The case against Stewart Rhodes was one of rare and serious charges: seditious conspiracies. He was sentenced to the longest jail term in relation to the attack on the Capitol on Jan. 6, which was the most recent.
While people sometimes use terms like sedition and insurrection or domestic terrorism interchangeably to discuss the events of January 6, 2021, the legal definition for seditious conspiracies is different in subtle, but important, ways. Take a closer view.
What is sedition and what does it mean?
Incitement to violence against the government is the main purpose of this type of activity. It involves some form of communication, or an action that aims to get people to forcefully overthrow or prevent the state from enforcing the law.
What is seditious conspiracy?
Section 2384 in Title 18 of the United States Code is a federal offense. This law criminalizes two or more individuals who actively plot to overthrow the federal government by force, wage war against it, seize federal property unlawfully, or "by force prevent, hinder, or delay the implementation of any United States law." The maximum sentence for a conviction is 20 years.
In the Oath Keepers Case, prosecutors used text messages, videos, and other evidence in order to prove that Mr. Rhodes, along with other militia members, had agreed to stop Congress from certifying Joseph R. Biden Jr.’s Electoral College win, a critical step for the constitutional system of normal power transfer. Mr. Rhodes was sentenced to 18 years of prison and his deputy received a 12-year sentence.
Sedition and insurrection are the same?
Sedition and insurrection are two terms that overlap. However, sedition is more about plotting and inciting, while 'insurrection" refers to the actual violent actions of a uprising intended to overthrow the government.
The federal law against insurrection (Section 2383) blurs this line a little. The law states that anyone who incites or sets in motion a rebellion or insurrection, or assists or engages therein, or gives comfort or aid to such an act, is guilty. The penalty for this offense is a maximum of 10 years in jail and the disqualification to hold federal office.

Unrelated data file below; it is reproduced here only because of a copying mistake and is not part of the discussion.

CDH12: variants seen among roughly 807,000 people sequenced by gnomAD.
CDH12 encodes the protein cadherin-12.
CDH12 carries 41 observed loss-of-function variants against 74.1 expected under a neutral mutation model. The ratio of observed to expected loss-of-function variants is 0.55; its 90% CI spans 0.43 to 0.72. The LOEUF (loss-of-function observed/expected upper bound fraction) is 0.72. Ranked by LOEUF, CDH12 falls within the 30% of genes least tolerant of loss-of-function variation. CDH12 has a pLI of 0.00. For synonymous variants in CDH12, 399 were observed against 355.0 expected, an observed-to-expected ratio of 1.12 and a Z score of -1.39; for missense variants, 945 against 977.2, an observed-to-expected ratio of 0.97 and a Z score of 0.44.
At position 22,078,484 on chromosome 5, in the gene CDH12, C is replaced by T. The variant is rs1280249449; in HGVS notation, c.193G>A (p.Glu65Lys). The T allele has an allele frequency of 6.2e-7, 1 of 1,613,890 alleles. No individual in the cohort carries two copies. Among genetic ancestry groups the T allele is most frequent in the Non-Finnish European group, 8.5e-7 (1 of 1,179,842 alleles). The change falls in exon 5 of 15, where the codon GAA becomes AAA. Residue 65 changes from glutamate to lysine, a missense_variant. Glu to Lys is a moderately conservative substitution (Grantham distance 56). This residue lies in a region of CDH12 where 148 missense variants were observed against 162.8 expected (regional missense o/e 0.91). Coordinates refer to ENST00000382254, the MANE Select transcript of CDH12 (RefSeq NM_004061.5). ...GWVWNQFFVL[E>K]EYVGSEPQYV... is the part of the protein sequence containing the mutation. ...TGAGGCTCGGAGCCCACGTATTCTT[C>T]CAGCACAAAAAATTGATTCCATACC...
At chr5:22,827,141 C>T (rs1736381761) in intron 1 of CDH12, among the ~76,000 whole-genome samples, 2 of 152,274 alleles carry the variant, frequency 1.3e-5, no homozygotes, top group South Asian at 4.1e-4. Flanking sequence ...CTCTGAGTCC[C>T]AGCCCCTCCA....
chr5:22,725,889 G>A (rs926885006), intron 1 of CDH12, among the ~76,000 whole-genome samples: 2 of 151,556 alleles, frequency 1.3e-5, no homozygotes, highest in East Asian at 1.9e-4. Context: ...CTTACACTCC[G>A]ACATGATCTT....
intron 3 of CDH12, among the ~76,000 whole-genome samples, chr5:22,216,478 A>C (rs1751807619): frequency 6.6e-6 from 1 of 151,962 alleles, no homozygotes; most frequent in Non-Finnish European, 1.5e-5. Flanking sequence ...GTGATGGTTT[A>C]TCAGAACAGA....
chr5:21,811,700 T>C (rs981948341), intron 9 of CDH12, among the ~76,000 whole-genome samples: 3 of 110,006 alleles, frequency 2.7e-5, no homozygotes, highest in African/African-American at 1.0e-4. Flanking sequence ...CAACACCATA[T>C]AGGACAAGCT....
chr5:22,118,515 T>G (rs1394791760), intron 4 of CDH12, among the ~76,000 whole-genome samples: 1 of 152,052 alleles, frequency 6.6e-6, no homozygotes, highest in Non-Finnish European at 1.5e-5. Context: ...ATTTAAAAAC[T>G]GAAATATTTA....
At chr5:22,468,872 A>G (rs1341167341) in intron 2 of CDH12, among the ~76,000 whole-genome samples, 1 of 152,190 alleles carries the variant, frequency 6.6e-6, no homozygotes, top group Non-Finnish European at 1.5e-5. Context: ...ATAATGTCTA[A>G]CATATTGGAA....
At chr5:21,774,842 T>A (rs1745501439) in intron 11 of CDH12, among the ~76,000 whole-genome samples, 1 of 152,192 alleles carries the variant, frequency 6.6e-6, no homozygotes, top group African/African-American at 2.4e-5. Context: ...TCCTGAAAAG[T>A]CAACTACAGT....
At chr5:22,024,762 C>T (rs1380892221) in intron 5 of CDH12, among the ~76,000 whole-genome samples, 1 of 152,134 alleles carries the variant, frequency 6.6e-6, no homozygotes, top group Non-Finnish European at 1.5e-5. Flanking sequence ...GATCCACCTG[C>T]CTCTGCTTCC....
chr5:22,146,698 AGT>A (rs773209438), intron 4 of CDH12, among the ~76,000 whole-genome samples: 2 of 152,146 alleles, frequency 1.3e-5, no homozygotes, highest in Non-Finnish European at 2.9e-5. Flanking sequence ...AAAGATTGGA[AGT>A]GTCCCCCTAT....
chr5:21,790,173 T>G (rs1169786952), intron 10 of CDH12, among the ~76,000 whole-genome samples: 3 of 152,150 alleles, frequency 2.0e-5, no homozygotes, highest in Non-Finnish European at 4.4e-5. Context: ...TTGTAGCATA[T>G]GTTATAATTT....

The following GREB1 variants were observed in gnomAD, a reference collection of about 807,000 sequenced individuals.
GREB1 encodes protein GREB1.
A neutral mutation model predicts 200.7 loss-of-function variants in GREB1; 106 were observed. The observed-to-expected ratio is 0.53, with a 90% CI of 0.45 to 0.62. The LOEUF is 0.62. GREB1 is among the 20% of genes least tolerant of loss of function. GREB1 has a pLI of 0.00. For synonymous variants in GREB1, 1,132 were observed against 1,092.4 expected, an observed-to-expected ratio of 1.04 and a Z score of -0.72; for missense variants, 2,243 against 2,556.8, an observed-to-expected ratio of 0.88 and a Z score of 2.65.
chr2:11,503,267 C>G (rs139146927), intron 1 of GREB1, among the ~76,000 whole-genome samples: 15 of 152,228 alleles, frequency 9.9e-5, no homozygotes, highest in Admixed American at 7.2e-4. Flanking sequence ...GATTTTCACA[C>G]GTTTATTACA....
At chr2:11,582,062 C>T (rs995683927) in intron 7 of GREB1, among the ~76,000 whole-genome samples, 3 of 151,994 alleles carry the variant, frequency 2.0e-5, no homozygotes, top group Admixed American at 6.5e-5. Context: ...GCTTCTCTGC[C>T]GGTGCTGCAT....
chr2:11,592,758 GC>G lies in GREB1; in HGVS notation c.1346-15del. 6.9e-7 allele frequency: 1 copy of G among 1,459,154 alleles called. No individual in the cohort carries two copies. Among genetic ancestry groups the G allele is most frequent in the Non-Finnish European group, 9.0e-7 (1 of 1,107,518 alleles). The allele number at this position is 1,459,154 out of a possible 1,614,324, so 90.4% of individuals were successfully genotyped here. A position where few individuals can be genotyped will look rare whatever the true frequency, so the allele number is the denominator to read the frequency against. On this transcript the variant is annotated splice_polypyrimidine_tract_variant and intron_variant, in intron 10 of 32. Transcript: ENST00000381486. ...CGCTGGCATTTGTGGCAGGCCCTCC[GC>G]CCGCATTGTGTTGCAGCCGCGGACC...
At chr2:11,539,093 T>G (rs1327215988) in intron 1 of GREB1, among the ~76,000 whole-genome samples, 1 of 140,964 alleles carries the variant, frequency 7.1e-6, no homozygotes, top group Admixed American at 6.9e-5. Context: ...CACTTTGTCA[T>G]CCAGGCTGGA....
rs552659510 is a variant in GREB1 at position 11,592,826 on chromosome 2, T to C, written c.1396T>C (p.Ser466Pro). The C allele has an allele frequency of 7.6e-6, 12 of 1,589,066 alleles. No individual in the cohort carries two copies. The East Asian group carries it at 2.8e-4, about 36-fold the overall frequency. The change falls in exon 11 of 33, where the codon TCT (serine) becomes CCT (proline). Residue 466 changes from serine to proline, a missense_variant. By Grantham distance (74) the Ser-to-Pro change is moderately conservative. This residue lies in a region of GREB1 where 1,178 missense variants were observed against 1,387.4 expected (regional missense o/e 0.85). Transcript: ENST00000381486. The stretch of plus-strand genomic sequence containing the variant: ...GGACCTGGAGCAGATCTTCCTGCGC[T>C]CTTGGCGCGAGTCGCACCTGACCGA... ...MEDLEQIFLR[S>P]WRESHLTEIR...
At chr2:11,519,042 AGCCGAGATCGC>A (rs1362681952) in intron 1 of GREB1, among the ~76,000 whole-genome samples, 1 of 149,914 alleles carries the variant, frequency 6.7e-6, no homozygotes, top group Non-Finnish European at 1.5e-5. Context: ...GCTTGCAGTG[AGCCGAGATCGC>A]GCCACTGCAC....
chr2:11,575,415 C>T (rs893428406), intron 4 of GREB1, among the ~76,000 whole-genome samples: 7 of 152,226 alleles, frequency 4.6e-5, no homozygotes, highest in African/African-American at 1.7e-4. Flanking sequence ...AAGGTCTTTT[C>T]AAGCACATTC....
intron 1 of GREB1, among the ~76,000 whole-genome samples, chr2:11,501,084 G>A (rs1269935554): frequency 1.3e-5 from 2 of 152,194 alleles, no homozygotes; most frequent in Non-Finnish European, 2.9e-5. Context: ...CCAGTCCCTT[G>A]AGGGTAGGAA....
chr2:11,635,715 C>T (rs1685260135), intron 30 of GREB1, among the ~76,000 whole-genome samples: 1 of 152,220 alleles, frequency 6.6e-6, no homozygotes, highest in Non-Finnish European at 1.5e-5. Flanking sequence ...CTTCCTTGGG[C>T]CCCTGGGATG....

Insurrection crimes are rare and difficult to prove. The Justice Department hasn't charged any of the rioters involved in the Jan. 6 events with the crime. The Justice Department has charged a number of rioters, including members of the Oath Keepers, Proud Boys and Oath Keepers, with crimes such as assaulting police officers and trespassing.
What about domestic terrorism
Domestic terrorism is not a separate crime, but has legal consequences and a definition. The judge in this case increased the sentence of Mr. Rhodes because the crimes he committed met the definition for terrorism. This is defined as crimes of violence intended to intimidate civilians or influence government policy.
The law that defines terrorist acts distinguishes 'international' terror, which must be based on a transnational or foreign connection, from 'domestic terrorism', which is primarily committed in the United States. Federal crimes are only 'acts of terrorism that transcend national boundaries'
In the United States, however, such crimes are dealt with by law enforcement officials using laws that don't include terrorism in their names -- for example seditious conspiracies. At the sentencing stage, convictions of crimes that qualify as terrorism are met with a longer sentence.
What is the difference between treason and all of this?
According to American law, there was no treason committed by the events on Jan. 6, because the acts did not betray the United States in favor of an enemy.
In the United States, treason is unique because it's the only crime defined in the Constitution. The founders also wrote that it's a very narrow definition: "Treason shall consist of waging war against them or adhering to them and giving them comfort and aid." Section 2381 of the federal statute echoed this definition, and stipulated a penalty ranging from five years to death.
In 2006, treason charges were brought against Adam Gadahn. He was a Californian-born Qaeda propagandist, who had called for the attack of Americans in videos. He was killed by a drone strike in 2015 and never went to trial.